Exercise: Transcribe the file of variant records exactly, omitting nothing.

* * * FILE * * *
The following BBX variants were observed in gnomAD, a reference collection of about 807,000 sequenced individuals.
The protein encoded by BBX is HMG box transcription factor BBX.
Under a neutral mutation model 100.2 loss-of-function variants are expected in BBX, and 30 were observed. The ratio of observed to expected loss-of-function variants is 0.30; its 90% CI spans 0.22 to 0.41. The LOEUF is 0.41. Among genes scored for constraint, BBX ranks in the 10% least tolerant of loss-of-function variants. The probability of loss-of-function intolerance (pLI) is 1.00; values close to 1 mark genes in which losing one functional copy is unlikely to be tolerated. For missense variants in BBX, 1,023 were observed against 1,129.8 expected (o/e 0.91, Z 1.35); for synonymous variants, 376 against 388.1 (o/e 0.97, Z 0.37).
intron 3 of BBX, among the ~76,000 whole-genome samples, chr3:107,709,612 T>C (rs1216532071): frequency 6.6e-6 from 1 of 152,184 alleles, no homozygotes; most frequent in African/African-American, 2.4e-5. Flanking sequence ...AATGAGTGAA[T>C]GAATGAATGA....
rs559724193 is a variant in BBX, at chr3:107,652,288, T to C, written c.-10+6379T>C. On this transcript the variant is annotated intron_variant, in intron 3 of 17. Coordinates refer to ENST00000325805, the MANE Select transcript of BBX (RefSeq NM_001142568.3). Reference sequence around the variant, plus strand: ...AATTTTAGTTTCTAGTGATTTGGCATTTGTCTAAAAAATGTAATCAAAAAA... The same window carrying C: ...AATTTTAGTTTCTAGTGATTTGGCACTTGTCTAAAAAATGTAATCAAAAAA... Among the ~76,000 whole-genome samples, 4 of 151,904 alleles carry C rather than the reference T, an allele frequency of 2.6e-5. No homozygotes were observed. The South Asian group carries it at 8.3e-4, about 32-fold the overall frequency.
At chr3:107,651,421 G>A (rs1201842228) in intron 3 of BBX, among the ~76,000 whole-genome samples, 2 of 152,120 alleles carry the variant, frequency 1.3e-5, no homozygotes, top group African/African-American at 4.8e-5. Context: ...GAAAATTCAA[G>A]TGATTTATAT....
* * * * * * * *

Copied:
The following BBX variants were observed in gnomAD, a reference collection of about 807,000 sequenced individuals.
The protein encoded by BBX is HMG box transcription factor BBX.
Under a neutral mutation model 100.2 loss-of-function variants are expected in BBX, and 30 were observed. The ratio of observed to expected loss-of-function variants is 0.30; its 90% CI spans 0.22 to 0.41. The LOEUF is 0.41. Among genes scored for constraint, BBX ranks in the 10% least tolerant of loss-of-function variants. The probability of loss-of-function intolerance (pLI) is 1.00; values close to 1 mark genes in which losing one functional copy is unlikely to be tolerated. For missense variants in BBX, 1,023 were observed against 1,129.8 expected (o/e 0.91, Z 1.35); for synonymous variants, 376 against 388.1 (o/e 0.97, Z 0.37).
intron 3 of BBX, among the ~76,000 whole-genome samples, chr3:107,709,612 T>C (rs1216532071): frequency 6.6e-6 from 1 of 152,184 alleles, no homozygotes; most frequent in African/African-American, 2.4e-5. Flanking sequence ...AATGAGTGAA[T>C]GAATGAATGA....
rs559724193 is a variant in BBX, at chr3:107,652,288, T to C, written c.-10+6379T>C. On this transcript the variant is annotated intron_variant, in intron 3 of 17. Coordinates refer to ENST00000325805, the MANE Select transcript of BBX (RefSeq NM_001142568.3). Reference sequence around the variant, plus strand: ...AATTTTAGTTTCTAGTGATTTGGCATTTGTCTAAAAAATGTAATCAAAAAA... The same window carrying C: ...AATTTTAGTTTCTAGTGATTTGGCACTTGTCTAAAAAATGTAATCAAAAAA... Among the ~76,000 whole-genome samples, 4 of 151,904 alleles carry C rather than the reference T, an allele frequency of 2.6e-5. No homozygotes were observed. The South Asian group carries it at 8.3e-4, about 32-fold the overall frequency.
At chr3:107,651,421 G>A (rs1201842228) in intron 3 of BBX, among the ~76,000 whole-genome samples, 2 of 152,120 alleles carry the variant, frequency 1.3e-5, no homozygotes, top group African/African-American at 4.8e-5. Context: ...GAAAATTCAA[G>A]TGATTTATAT....